©2019 ChesapeakeAlerion.org |  Proudly created with Wix.com

Cruising the Alerion Express 28

October 25, 2007

From the log of Bob Spann's Resilient:

I regularly take my Alerion Express 28 for two to three day (one to two nights) cruises on the Chesapeake Bay. The Alerion Express 28 can be an excellent cruising boat for the solo sailor that is willing to “rough it” a little bit.

There is a certain joy in the peace, quiet and solitude of solo cruising. There is also the satisfaction that comes from applying some ingenuity to utilize a boat designed for day sailing as a cruiser.

The first problem that needs to be solved is the lack of a refrigerator. I have found that by putting one block of ice, plus one bag of ice cubes in the cooler, one can keep bottles of water cool for up to 48 hours. After 48 hours in summer heat one still has a cooler full of ice water that will keep food in water tight containers chilled.

Although there are one burner butane stoves on the market, I feel safer not cruising with butane or propane aboard. I like fresh fruits and vegetables (as well as genuine smoked Virginia ham) so not having a stove doesn't present any problems. When I first started solo cruising my AE 28, I asked the produce manager at my local grocery store what fruits and vegetables would keep well without refrigeration. He stated what I then realized was the obvious — buy the fruits and vegetables that are sold unrefrigerated. Carrots, cherry tomatoes, and green beans all taste great raw.

 
Annapolis.jpg

Resilient, moored in Annapolis harbor on a summer evening.

 

An autopilot is obviously a great aid to single handed cruising. It can be used to hold the boat into the wind when raising or lowering the main sail as well as for any other times that you need to be away from the tiller. The standard Alerion sail plan with the 95% self tacking jib does not perform well in light winds — a condition all too common on the Chesapeake Bay. I use a 155% Genoa (purchased for racing) when cruising. The 155 is still small enough that it can be tacked easily by a solo sailor. My autopilot can tack the boat through 100 degrees while I handle the genoa sheets.

Finally, the Alerion Express 28 is small enough that solo anchoring is fairly simple. Since the boat is light and doesn't have much free board, I have found that a Fortress anchor with only about 6 feet of chain and 150’ of nylon rope is sufficient. I store the anchor in a cockpit locker.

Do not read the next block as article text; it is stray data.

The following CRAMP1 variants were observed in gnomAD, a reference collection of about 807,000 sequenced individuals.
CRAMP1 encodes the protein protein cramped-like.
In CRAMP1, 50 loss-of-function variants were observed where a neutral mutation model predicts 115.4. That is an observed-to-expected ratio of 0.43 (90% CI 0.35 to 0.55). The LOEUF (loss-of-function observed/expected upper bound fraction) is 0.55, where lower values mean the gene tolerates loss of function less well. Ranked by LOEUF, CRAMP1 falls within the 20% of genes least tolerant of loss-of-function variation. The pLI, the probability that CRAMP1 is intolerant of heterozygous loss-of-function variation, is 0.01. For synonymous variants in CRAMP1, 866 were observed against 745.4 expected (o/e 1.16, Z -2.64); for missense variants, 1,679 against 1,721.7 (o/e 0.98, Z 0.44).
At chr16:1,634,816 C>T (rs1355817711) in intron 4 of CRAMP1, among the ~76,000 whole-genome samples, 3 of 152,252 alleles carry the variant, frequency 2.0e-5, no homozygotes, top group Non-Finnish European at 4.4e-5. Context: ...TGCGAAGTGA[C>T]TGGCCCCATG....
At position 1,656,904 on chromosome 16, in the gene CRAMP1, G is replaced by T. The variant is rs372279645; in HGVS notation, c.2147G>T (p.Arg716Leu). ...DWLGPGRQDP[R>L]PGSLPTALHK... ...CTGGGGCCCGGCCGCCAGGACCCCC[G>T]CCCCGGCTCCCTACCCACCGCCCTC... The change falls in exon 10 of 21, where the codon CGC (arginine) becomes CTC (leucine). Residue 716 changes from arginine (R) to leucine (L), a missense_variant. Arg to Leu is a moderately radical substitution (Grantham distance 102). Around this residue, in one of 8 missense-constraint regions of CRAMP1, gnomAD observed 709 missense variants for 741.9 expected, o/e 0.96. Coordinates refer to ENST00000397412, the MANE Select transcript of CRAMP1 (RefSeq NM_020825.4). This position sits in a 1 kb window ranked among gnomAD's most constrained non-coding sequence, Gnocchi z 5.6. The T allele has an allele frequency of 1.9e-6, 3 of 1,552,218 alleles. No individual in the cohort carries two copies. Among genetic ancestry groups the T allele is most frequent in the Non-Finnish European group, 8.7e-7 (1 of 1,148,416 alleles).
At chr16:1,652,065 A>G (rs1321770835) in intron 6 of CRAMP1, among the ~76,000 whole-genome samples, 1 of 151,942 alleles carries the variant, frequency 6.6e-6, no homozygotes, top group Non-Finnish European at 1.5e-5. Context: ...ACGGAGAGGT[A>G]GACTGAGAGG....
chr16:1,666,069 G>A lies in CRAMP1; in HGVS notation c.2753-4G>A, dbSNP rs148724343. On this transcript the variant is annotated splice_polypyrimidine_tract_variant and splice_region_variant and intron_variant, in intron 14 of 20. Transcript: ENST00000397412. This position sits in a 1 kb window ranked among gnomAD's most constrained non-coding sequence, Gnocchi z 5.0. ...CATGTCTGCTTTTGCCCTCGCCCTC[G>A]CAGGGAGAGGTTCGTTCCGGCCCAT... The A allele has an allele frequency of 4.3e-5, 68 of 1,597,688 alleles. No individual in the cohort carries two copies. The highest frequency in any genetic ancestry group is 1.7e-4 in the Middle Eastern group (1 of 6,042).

When anchoring, I first cleat off the bitter end on the mid-ship cleat. Next I wrap the rode around the self-tailing winch on the cabin top at a point such that if I drop the anchor off the bow, the end of the chain would be at or below the bow chock After dropping the anchor off the bow, through the bow chock, I can remain at the bow playing out the rode or can return to the cockpit and can let out rode from the cockpit. That way, if there is a wind gust or shift after I have dropped the hook, I can still use the engine to maneuver the boat. Once I have set the anchor, I can cleat off the rode at the bow cleat as well.

This same system works in reverse when breaking anchor. Simply uncleat the rode from the bow cleat, but keep the rode running through the bow chock. Pull the rode into the cockpit until the chain is nearing the bow chock. Then go forward to pull in the chain and the anchor. This approach works better than casting and pulling in the anchor over the side. I used to set and retrieve the anchor over the side — until I was pulling the anchor up and got hit with a wind gust that was 45 degrees off the bow. Because the bow is higher than the stern, this caused the boat to spin and I found myself with the stern (not the bow) facing the anchor with a slackened rode. This created a real risk that the rode could get fouled in the keel, rudder, or prop — not good outcomes.


Many of the ideas contained I this log were given to me by fellow cruisers, so I am always interested in how other sailors have solved various problems while sailing and cruising.